2021 NFL Draft: Pro Day questions for top five quarterbacks

2021 NFL Draft prospect Trevor Lawrence fires a pass in front of Jacksonville Jaguars head coach Urban Meyer (Photo by David Platt/Handout Photo via USA TODAY Sports)
2021 NFL Draft prospect Trevor Lawrence fires a pass in front of Jacksonville Jaguars head coach Urban Meyer (Photo by David Platt/Handout Photo via USA TODAY Sports) /
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Kyle Trask, 2021 NFL Draft
2021 NFL Draft prospect Kyle Trask #11 of the Florida Gators (Photo by Tom Pennington/Getty Images) /

5. player. Florida. Kyle Trask. Quarterback. 840. Scouting Report. Pick Analysis

Top question: How can Trask improve his mobility outside the pocket?

Pro Day: March 31, 2021

Fun fact about Kyle Trask: In high school, he was never named the starting quarterback. In fact, since 2014 Wilson has been the starting quarterback for only two seasons.  Both of which were the last two seasons with the Florida Gators. Trask may have come from a high school football powerhouse at Texas UIL, which had their pick of Texas passers. But not seeing meaningful playing time between his junior season in high school and his junior season in college would typically be a big red flag.

Trask got his first taste as the steady starter in 2019, starting in 12 games that season after an injury to the Gators Week One starting quarterback. He had a solid season, throwing 25 touchdowns to seven interceptions, completing 66.9 percent of his passes. But it was the 2020 season that brought Trask’s name into the spotlight and the 2021 NFL Draft conversation.

Trask came out of the box swinging in 2020, passing for six touchdowns in the season opener against Ole Miss. He would do it again later in the season against Arkansas and would throw more than three touchdowns in seven games that season. Trask’s stats improved across the board, throwing 43 touchdowns to just eight interceptions, according to his Gators bio. Trask added over 1,000 passing yards in the same amount of games, accumulating 4,283 passing yards and a completion rate of 68.9 percent in 12 games.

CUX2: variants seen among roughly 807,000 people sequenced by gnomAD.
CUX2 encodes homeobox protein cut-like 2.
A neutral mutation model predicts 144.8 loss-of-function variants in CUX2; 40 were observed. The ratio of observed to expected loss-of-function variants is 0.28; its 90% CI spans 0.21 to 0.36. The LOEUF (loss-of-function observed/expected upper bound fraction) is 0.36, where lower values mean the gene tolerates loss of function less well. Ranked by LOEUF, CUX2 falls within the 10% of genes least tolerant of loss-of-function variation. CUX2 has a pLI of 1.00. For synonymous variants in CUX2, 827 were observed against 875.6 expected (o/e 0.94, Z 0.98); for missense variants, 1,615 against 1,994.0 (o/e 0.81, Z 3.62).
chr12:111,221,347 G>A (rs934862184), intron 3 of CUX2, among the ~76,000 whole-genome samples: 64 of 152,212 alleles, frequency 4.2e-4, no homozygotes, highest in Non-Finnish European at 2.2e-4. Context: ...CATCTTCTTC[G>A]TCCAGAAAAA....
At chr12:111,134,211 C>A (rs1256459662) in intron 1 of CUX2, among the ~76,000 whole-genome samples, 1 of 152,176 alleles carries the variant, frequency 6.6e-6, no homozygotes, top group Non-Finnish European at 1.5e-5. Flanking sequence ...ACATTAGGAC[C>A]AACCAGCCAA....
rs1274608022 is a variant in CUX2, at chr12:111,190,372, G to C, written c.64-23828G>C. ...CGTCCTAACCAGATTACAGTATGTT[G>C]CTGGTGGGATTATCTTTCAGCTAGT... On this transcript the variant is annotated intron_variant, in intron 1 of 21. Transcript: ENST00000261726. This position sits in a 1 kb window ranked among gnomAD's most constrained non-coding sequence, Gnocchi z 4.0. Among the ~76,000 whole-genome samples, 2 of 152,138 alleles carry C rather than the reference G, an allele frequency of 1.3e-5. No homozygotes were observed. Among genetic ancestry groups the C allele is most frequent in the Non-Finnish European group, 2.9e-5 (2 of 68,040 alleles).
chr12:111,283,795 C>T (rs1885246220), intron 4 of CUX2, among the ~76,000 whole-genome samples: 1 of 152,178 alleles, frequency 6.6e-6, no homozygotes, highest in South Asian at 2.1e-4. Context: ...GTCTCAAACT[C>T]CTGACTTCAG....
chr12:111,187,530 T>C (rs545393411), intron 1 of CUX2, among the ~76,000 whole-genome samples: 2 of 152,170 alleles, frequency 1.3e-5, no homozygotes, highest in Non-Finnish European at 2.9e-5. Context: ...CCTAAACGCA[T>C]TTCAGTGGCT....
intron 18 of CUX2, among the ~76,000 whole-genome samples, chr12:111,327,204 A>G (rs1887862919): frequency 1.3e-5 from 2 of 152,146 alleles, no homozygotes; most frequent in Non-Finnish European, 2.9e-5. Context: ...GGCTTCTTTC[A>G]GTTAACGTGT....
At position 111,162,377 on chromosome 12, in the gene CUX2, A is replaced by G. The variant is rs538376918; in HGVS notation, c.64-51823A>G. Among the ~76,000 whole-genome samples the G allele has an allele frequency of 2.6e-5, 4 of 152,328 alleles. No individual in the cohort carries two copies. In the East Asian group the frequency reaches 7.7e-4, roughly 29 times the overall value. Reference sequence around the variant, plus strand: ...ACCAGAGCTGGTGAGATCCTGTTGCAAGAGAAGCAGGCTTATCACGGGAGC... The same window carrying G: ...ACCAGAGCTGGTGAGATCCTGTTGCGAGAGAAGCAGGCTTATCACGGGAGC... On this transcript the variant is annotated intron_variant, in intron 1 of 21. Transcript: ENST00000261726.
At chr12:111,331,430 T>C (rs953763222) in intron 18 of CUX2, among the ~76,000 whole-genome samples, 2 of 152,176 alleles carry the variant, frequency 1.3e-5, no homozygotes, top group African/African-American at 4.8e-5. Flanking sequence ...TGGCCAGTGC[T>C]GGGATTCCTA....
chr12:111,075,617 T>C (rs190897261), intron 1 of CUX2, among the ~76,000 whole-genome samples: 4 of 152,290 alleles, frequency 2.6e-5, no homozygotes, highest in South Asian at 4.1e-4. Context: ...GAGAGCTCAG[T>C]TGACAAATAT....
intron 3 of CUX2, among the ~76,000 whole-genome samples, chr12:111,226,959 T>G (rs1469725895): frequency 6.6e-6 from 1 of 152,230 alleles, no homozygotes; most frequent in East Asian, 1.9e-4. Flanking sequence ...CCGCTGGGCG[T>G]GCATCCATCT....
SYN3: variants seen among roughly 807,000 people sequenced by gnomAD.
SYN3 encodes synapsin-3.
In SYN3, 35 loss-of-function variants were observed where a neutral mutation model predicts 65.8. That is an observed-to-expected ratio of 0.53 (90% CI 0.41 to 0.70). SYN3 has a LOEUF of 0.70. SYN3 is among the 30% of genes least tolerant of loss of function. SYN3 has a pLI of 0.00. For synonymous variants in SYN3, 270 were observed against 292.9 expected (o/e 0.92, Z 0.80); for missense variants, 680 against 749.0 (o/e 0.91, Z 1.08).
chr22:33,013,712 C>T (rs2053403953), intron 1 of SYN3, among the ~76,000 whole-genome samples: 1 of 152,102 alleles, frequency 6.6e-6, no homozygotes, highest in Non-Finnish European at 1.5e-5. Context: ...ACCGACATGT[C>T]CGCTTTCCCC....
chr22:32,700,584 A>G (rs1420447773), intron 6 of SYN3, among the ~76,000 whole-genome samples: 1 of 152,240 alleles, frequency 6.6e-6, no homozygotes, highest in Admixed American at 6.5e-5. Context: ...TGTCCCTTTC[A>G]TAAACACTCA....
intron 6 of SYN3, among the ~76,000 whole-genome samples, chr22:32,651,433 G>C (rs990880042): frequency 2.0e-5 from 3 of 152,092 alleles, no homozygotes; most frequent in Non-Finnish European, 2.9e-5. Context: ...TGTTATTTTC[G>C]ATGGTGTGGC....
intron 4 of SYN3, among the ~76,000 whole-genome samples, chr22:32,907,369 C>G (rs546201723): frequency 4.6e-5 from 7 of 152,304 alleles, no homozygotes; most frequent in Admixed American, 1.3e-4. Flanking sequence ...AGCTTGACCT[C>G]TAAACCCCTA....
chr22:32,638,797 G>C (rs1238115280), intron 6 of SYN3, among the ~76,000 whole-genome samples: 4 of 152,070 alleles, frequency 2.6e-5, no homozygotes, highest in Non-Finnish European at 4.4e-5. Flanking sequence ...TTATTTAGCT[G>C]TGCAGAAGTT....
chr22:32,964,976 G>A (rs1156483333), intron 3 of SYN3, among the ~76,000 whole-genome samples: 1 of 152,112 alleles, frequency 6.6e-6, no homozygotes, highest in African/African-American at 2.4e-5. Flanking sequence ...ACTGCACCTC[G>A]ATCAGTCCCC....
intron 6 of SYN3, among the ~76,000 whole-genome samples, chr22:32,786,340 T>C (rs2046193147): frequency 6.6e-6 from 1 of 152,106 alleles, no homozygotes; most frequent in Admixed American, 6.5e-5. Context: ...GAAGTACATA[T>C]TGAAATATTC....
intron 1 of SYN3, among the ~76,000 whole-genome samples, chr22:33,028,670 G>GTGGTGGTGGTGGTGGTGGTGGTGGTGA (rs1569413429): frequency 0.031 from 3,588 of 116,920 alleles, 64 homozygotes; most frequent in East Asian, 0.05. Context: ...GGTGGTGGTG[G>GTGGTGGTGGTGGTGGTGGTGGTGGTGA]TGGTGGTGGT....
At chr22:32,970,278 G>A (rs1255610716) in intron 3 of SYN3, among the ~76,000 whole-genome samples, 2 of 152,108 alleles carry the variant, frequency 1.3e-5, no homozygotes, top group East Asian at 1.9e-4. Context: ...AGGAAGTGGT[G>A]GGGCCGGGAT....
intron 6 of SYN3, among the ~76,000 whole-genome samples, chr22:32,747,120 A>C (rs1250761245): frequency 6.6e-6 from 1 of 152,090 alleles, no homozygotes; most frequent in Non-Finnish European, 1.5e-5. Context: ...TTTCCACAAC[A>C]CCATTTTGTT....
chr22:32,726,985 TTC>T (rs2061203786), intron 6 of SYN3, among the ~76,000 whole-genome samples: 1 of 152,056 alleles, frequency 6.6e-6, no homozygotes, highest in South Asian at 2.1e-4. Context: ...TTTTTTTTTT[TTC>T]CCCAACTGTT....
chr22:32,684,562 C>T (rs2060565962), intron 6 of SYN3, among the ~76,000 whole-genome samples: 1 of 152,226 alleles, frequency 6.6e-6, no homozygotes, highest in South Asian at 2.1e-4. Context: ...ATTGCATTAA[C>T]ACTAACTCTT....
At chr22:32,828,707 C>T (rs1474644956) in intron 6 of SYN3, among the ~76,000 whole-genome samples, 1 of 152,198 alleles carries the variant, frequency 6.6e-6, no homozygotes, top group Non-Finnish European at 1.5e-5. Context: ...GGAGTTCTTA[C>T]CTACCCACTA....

At 6-foot-5, 240 pounds, Trask looks the part of an NFL starting quarterback. His backstory is pretty sympathetic too when you think about it: rather than transfer when he didn’t win the starting quarterback spot in high school or college, Trask would stick it out and invest in helping the team win games. Rather than chase a starting position somewhere else, Trask stayed with the Gators, chasing a degree in Sports Management, according to the Tampa Bay Times. The same article also talks about how rare that is with this statistic:

"“Of the 71 Division I-A pro-style quarterback signees ranked higher than Trask in the 2016 recruiting class, more have quit or transferred (39) than have stuck it out (32)” -Matt Baker, Tampa Bay Times"

But for all of Trask’s improvements in 2020, he is still far from being a perfect quarterback prospect. Watching Trask move outside the pocket is difficult to watch: it looks like he’s running a lateral cone drill when he’s trying to roll out move towards the boundaries. This is reflected in the stats as well, as Trask had just 50-total rushing yards in all of 2020 (64 attempts), according to Sports Reference. This is a year-to-year problem too: in 2019, Trask attempted to run 63 times for a grand total of eight yards.

Now some of these numbers can be explained by the fact many of those rushing attempts were in the red zone, which means fewer yards gained. But it also illustrates Florida coaches weren’t eager to get Trask involved in the running game. For context, Clemson quarterback Lawrence ran 68 times for 203 yards in 2020, while Ohio State’s Fields rushed 81 times for 383 yards.

Being a purely pocket passing quarterback isn’t the worst thing to be in the NFL. But with dynamic NFL offenses using rollout and option plays to more and more success in the NFL, you’d like to see Trask be a little more dynamic in the passing game. No one should be asking Trask to become the next Kyler Murray. But coaches will want to know a play isn’t completely dead the moment the pocket starts collapsing.

If Trask wants to improve his draft odds at his Pro Day this March, he’ll need to show NFL decision-makers that he is aware of his flaws as a quarterback and show a willingness to improve them. This actually plays to one of Trask’s strengths, as he has a solid track record of being open to improvements, grounded in his expectations and shown an ability to take criticism effectively after years of being passed over on the depth chart. Trask’s best asset at his Pro Day this year will be himself and whether he comes off as coachable in the NFL.

Trask may not be the most polished quarterback available in the 2021 NFL Draft. But he has shown perseverance and patience waiting all those years to become QB1. He had an incredible year-to-year improvement last season, which makes you wonder if that improvement is thanks to the additional coaching and training he received as the starting quarterback.

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If Trask can show a solid grasp of passing fundamentals and a willingness to improve where he is lacking, it is not inconceivable to see him being a late first-round pick in this year’s draft. Never underestimate the allure of a driven, under-estimated quarterback when given a chance at the big times. A strong Pro Day showing for Trask could pay dividends in the 2021 NFL Draft.